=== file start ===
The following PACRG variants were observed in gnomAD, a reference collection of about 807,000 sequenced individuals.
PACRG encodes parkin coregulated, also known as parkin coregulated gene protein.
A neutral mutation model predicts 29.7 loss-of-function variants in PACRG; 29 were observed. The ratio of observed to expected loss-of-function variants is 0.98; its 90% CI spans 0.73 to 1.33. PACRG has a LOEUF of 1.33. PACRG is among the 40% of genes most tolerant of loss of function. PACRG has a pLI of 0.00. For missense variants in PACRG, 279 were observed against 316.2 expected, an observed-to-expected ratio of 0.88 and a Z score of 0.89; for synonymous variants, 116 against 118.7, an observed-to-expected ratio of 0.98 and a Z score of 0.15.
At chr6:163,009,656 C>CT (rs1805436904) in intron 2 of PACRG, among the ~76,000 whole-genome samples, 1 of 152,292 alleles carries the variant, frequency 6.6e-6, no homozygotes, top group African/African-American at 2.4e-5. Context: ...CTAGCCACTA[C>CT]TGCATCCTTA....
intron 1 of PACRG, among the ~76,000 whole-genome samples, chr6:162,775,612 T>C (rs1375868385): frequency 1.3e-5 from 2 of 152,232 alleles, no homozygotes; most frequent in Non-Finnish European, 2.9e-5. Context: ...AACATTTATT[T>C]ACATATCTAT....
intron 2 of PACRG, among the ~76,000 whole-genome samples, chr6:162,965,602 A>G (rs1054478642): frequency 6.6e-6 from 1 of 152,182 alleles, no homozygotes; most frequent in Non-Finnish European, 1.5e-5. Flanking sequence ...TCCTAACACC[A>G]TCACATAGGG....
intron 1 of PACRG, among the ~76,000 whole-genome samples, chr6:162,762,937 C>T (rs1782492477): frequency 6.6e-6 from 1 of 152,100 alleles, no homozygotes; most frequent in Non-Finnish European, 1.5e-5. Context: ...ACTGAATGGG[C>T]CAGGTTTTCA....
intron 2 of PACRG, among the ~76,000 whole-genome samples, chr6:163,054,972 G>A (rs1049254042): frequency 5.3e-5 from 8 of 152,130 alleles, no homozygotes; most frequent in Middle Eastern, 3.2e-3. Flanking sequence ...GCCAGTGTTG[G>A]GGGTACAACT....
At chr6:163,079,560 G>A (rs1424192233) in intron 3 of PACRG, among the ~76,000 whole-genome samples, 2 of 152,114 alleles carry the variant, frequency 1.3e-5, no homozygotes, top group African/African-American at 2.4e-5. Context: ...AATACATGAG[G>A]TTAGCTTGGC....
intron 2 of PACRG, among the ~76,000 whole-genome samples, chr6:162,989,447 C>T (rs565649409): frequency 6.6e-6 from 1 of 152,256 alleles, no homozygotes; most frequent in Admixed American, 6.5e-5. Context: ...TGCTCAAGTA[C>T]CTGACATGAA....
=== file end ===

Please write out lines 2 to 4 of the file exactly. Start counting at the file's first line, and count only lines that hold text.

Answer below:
PACRG encodes parkin coregulated, also known as parkin coregulated gene protein.
A neutral mutation model predicts 29.7 loss-of-function variants in PACRG; 29 were observed. The ratio of observed to expected loss-of-function variants is 0.98; its 90% CI spans 0.73 to 1.33. PACRG has a LOEUF of 1.33. PACRG is among the 40% of genes most tolerant of loss of function. PACRG has a pLI of 0.00. For missense variants in PACRG, 279 were observed against 316.2 expected, an observed-to-expected ratio of 0.88 and a Z score of 0.89; for synonymous variants, 116 against 118.7, an observed-to-expected ratio of 0.98 and a Z score of 0.15.
At chr6:163,009,656 C>CT (rs1805436904) in intron 2 of PACRG, among the ~76,000 whole-genome samples, 1 of 152,292 alleles carries the variant, frequency 6.6e-6, no homozygotes, top group African/African-American at 2.4e-5. Context: ...CTAGCCACTA[C>CT]TGCATCCTTA....